Oil price down to negative for the first time in history


US Oil price fell negative for the first time ever as its demand continues to drop amid the global pandemic crisis.

The price of America’s most closely watched oil benchmark crashed to as low as minus $37.63 a barrel. Stocks and Treasury yields also dropped on Wall Street, with the S&P 500 down 1.8%.


Oil traders are still paying $20.43 for a barrel of US oil set to be delivered in June. Analysts consider this price as the oil’s “true” price.

Traders are also facing challenges once crude is delivered next month. They don’t have enough places to keep it as storage tanks are close to full due to collapse in demand as factories, automobiles, and airplanes sit idled across the globe.

According to Chris Midgley, head of analytics at S&P Global Platts, tanks at a key energy hub in Oklahoma could hit their limits within three weeks.


As a result, traders are willing to pay others to take that oil for delivery in May off their hands, so long as they also make the burden of figuring out where to keep it.

“Almost by definition, crude oil has never fallen more than 100%, which is what happened today,” said Dave Ernsberger, global head of pricing and market insight at S&P Global Platts.

“I don’t think any of us can really believe what we saw today,” he said. “This kind of rewrites the economics of oil trading.”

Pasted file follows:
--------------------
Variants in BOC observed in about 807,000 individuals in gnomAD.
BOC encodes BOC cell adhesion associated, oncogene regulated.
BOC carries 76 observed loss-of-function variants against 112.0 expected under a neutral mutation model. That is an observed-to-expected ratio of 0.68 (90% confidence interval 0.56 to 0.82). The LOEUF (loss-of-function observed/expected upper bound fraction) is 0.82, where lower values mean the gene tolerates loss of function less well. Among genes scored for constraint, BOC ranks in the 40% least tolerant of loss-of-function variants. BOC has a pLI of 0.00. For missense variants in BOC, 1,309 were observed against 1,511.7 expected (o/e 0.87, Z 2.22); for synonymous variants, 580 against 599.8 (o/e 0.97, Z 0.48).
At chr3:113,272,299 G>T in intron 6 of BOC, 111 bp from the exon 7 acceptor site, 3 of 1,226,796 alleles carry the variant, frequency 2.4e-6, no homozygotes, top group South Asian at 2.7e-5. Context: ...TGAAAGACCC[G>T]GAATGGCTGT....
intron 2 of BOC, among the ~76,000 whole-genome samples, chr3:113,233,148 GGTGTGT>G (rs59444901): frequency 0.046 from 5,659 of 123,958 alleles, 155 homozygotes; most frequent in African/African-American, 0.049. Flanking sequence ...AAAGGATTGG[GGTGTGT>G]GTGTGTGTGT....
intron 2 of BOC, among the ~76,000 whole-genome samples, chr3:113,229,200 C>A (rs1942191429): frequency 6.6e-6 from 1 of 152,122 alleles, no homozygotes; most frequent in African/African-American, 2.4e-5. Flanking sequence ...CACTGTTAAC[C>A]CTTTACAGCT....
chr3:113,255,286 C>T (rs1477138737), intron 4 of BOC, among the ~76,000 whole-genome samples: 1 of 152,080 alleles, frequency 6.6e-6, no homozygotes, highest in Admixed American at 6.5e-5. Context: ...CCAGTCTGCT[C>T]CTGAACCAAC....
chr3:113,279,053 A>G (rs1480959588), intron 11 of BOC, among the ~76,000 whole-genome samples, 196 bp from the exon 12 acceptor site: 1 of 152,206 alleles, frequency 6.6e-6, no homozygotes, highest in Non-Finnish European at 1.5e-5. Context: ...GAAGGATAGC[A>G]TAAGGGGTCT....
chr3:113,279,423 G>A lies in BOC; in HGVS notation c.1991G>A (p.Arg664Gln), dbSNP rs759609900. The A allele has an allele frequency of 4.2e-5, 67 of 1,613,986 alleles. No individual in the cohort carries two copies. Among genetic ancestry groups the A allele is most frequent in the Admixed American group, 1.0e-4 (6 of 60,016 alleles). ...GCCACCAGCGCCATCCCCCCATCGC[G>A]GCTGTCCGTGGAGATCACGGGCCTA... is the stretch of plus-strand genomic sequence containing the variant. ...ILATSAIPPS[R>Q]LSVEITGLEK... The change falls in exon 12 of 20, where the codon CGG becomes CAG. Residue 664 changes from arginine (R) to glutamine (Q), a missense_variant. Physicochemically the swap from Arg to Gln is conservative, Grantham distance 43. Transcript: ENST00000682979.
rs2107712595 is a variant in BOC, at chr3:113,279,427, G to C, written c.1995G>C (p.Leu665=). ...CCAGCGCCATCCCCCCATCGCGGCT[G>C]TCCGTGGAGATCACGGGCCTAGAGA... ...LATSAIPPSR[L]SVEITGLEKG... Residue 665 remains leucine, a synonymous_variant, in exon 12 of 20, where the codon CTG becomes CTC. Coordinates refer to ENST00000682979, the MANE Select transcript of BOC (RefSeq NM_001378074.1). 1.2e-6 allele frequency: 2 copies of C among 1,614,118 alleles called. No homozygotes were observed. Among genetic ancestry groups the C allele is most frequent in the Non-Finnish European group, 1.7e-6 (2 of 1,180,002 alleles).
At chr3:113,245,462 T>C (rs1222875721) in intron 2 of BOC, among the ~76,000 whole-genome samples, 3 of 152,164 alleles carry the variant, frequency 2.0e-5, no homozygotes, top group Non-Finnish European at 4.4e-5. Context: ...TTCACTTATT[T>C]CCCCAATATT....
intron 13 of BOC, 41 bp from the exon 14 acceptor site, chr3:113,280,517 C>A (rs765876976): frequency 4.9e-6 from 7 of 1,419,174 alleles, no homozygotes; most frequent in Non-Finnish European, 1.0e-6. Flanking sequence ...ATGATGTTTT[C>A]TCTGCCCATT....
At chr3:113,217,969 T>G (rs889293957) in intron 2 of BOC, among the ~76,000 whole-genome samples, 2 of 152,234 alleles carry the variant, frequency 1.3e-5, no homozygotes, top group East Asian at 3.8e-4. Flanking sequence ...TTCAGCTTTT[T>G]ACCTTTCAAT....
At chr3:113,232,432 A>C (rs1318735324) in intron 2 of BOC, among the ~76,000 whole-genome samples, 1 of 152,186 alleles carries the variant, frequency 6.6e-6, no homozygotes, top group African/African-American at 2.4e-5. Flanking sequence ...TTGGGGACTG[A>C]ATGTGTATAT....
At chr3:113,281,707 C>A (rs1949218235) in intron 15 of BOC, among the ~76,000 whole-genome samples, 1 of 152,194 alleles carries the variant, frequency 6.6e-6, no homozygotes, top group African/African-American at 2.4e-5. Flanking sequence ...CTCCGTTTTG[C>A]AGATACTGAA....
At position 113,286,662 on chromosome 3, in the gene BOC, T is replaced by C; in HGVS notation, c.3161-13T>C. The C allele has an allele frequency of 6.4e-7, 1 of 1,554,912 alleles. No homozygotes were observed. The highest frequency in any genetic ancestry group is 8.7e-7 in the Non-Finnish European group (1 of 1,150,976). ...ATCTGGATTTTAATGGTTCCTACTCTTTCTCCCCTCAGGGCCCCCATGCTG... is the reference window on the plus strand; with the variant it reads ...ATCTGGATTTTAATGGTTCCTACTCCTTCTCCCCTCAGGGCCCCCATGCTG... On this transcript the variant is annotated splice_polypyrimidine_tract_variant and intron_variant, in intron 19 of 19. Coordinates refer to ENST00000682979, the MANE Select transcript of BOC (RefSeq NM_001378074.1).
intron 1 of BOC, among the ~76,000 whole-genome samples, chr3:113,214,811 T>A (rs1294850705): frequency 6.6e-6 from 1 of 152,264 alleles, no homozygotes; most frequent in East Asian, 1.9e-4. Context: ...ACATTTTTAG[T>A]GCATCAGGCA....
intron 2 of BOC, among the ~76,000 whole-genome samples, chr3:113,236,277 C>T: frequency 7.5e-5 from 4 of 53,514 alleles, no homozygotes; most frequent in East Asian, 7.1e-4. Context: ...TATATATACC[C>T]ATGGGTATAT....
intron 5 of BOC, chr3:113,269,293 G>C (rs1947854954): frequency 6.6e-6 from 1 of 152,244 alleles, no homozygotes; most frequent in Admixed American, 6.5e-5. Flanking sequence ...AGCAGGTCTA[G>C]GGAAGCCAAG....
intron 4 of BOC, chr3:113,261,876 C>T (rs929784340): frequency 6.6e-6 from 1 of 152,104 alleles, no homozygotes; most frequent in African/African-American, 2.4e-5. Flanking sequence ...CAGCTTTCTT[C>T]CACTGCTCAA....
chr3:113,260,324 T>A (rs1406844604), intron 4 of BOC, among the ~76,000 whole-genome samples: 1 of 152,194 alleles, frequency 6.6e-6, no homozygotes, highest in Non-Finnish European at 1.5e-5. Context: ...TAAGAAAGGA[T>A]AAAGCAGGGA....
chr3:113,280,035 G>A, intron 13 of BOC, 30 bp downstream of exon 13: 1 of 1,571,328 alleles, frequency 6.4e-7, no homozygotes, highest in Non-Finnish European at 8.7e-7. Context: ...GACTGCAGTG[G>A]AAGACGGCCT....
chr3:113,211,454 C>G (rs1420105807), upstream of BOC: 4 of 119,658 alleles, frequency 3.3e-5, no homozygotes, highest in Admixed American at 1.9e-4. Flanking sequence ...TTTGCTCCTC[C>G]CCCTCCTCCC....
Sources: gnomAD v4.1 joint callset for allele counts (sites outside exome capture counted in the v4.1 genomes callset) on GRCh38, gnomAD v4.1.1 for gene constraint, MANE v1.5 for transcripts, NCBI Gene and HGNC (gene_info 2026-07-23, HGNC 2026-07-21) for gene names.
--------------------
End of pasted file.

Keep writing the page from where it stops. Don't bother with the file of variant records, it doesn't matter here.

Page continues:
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Oil price down to negative for the first time in history

Brent crude, the international standard, fell nearly 9% to $25.57 per barrel.

The plunge in oil sent energy stocks in the S&P 500 to a 3.7% loss, the latest in a dismal 2020 that has caused their prices to halve nearly.

Halliburton lurched between gains and sharp losses, even though it reported more robust results for the first three months of 2020 than analysts expected.

The oilfield engineering company said that the COVID-19 crisis severely hit the industry that it “cannot reasonably estimate” when will it end. It expects a further loss in revenue and profitability for the rest of 2020, specifically in North America.

The S&P 500 fell 51.40 points to 2,823.16. The Dow Jones Industrial Average lost 592.05 points, or 2.4%, to 23,650.44, and the Nasdaq dropped 89.41, or 1%, to 8,560.73.

“The government can declare whatever they want in terms of encouraging people to get out and do stuff,” said Willie Delwiche, investment strategist at Baird.

“Whether or not broad swaths of society do that remains to be seen. It’s going to take seeing people start to get out and do stuff again. That will be the necessary positive development, not just declaring getting things open.”